Lean Manufacturing

How to Stay Out of Trouble with Mr. Convis

By Jon Miller Published on November 23rd, 2006

Gary Convis is the senior vice president of manufacturing in North America for Toyota Motor Corporation. In a November 20, 2006 article in the Lexington Herald-Leader titled New Tundra Plant Just Shows that … Toyota Keeps on Trucking Mr. Convis shared how he communicated to employees what work life at Toyota was all about.
“There’s only a couple of ways you get in trouble at Toyota,” Convis told employees. “One, you don’t come to work. And two, you don’t pull the cord when there’s a problem. … Those two things get you in trouble. Anything else, we’ll train you.”
This simple statement has deep roots. I would go as far as to say that if you can say and mean the paragraph above, you will succeed at Lean manufacturing. Let’s examine the two ways you get into trouble with Mr. Convis:
One, you don’t come to work. I interpret this to mean more than showing up to work instead of calling in to take Friday off because it’s a sunny day. It means coming to work willing to put in a full day’s work rather than just punching the clock and filling space until 5 minutes before quitting time. It means having a desire to understand and follow Standard Work. It means asking “How can I help?” and then giving your time, ideas and resources to getting the job done right, and making it better.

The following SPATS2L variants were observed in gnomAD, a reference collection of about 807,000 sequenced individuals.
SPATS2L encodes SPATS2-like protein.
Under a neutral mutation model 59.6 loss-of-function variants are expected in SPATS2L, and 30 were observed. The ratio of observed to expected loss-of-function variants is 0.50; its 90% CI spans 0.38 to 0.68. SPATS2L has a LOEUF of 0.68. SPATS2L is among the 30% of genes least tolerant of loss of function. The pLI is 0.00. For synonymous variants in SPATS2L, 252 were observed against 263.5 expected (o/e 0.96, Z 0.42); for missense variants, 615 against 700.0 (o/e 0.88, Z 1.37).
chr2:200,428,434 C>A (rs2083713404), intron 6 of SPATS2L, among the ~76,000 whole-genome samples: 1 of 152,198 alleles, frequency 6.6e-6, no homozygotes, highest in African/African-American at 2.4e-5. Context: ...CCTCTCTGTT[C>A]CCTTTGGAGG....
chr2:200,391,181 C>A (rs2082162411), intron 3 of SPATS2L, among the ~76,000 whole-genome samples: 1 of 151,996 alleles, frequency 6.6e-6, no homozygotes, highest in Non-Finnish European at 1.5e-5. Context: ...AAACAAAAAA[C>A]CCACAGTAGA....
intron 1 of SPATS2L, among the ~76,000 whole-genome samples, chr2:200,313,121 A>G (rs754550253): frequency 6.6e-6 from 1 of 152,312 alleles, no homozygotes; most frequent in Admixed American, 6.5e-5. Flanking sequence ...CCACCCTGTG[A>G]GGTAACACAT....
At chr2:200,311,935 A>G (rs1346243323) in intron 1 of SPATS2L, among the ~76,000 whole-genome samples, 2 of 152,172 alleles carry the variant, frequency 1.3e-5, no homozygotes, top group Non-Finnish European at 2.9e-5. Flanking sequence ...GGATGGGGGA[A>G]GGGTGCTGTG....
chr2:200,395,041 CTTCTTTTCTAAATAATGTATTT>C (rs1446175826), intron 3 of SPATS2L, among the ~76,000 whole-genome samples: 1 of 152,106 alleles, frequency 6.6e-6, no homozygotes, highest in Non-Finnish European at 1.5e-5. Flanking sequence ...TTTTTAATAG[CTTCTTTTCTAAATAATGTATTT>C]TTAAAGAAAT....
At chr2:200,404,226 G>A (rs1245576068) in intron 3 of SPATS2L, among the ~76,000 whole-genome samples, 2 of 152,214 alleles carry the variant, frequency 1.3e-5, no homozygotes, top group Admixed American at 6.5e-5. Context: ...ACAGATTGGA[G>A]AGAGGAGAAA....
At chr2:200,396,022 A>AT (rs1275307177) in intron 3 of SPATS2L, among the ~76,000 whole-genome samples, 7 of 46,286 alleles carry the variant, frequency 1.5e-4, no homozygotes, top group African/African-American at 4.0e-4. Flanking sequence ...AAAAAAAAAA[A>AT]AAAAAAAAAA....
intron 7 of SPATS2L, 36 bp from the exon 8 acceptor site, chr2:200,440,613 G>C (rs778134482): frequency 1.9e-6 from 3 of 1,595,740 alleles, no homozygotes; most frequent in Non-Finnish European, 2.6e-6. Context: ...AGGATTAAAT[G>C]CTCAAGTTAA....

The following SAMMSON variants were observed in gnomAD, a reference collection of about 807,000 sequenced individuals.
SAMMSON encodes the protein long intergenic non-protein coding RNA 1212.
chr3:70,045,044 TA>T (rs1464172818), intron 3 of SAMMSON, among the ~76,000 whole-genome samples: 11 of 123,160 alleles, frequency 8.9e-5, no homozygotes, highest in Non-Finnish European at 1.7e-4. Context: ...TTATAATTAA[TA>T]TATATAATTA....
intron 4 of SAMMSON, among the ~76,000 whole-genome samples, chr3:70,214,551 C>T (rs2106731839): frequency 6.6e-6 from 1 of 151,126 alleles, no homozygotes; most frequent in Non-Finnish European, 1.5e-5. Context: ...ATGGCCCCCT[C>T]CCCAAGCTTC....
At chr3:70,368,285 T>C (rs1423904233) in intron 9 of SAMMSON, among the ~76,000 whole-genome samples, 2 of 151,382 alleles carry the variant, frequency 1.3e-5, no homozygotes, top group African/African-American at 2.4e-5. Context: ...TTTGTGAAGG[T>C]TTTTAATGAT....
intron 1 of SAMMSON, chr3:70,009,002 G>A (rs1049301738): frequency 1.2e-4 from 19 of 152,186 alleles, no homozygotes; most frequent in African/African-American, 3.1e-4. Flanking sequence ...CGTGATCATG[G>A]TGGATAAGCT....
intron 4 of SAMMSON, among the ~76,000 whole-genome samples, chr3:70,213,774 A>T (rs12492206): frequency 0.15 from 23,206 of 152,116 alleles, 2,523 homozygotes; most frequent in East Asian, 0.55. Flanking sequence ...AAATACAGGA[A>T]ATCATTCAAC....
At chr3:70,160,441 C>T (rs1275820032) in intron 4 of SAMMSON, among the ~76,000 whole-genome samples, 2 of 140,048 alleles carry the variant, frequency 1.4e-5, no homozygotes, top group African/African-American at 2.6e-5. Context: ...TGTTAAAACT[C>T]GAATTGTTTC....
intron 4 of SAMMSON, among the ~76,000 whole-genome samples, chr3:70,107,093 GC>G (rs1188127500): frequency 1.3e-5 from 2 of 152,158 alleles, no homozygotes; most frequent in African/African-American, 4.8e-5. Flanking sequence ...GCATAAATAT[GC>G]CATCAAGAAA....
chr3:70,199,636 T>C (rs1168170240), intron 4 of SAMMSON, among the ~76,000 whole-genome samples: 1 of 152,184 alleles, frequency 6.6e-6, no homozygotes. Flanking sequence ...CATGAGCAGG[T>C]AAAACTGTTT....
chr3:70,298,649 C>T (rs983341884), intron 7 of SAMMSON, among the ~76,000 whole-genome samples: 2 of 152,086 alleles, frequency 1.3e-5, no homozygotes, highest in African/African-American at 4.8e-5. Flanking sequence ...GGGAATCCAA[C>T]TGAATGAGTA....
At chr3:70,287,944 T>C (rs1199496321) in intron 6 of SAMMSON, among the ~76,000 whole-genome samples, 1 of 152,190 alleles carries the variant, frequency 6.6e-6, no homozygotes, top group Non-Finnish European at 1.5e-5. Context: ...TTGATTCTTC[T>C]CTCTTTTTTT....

And two, you don’t pull the cord when there’s a problem. It’s not acceptible to let things slide. Don’t see a problem and walk away. Alert your supervisor to the problem as soon as you find it. There are no exceptions. Even if it means stopping the work you are doing and possibly stopping the work others are doing, it is important to “pull the cord” that identifies the problem.
Lean manufacturing often doesn’t work for companies because Just in Time systems are implemented or inventories are reduced without the underlying process problems or human behavior problems being addressed first. This is alright only if the organization has the will and ability to respond to “pull the cord” situations right away. Without this ability to stop and fix, the response is “Lean doesn’t work for us” and the build up of inventory (or other types of) buffers again.
Anything else, we’ll train you. This is equivalent to saying “We have Standard Work. All of our processes are specified for timing, sequence, and outcome. Everything has a place. Everything is visual. We check everything. And we’ll explain all of this to you.” How many employers can say that?
Successful companies that reward brilliant people to perform heroically within broken processes and systems, or that follow a lowest-cost labor strategy may find it difficult to invest in developing people who would know how to stay out of trouble with Mr. Convis.

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